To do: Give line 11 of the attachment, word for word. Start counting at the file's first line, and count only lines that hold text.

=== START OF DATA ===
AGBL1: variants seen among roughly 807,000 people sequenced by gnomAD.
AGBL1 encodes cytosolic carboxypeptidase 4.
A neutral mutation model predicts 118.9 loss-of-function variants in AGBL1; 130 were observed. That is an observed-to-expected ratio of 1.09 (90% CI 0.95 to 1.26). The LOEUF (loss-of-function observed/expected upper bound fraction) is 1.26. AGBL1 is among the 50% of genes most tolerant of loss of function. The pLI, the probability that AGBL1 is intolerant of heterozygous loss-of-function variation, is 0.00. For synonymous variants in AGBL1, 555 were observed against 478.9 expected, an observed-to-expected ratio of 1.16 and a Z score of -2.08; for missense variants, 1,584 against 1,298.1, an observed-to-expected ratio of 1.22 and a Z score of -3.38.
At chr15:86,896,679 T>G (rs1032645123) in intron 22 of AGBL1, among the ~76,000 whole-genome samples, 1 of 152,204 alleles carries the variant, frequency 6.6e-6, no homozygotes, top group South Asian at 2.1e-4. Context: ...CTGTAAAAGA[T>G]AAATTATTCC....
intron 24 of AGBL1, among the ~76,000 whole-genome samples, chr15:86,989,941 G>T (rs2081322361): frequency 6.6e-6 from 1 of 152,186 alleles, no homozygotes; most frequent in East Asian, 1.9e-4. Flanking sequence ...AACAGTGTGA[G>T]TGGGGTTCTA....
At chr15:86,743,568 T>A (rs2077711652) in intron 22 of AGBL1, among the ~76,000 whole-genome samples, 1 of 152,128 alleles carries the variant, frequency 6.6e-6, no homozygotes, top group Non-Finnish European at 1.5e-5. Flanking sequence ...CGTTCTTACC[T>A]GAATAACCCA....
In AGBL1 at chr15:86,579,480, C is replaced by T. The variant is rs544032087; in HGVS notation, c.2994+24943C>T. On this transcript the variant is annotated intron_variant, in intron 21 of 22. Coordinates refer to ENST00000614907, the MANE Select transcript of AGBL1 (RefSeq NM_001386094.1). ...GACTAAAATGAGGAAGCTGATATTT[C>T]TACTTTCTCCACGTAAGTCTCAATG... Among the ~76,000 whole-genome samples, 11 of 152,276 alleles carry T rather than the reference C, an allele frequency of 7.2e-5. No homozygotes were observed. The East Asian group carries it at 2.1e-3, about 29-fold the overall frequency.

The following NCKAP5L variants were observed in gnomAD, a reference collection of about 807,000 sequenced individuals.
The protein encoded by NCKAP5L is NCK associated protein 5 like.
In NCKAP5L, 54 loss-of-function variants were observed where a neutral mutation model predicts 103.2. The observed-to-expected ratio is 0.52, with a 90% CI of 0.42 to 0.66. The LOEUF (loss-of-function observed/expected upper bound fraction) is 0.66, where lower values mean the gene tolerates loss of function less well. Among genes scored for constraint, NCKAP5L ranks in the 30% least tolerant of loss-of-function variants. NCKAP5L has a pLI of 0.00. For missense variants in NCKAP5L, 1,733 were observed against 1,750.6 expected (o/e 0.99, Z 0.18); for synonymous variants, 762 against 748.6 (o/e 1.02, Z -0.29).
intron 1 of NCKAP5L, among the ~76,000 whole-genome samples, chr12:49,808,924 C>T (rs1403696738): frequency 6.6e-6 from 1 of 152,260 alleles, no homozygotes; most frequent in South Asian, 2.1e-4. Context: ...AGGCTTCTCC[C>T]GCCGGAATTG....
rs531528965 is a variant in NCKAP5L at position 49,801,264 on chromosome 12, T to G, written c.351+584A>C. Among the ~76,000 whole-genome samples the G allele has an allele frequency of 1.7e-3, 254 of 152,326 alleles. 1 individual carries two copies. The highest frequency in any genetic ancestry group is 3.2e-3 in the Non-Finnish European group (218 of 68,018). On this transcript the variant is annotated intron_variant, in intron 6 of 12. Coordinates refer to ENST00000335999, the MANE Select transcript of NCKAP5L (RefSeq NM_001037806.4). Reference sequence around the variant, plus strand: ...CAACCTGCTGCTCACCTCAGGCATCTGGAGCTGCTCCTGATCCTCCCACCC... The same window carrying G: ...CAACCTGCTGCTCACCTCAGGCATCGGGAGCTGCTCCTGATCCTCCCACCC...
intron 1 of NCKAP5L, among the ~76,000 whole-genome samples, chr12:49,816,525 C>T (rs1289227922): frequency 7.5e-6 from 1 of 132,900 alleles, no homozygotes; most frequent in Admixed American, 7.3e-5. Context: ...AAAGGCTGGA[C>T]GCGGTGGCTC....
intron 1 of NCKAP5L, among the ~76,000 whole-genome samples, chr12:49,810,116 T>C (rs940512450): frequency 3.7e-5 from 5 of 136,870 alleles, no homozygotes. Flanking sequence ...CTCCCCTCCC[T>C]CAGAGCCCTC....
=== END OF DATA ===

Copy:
intron 1 of NCKAP5L, among the ~76,000 whole-genome samples, chr12:49,808,924 C>T (rs1403696738): frequency 6.6e-6 from 1 of 152,260 alleles, no homozygotes; most frequent in South Asian, 2.1e-4. Context: ...AGGCTTCTCC[C>T]GCCGGAATTG....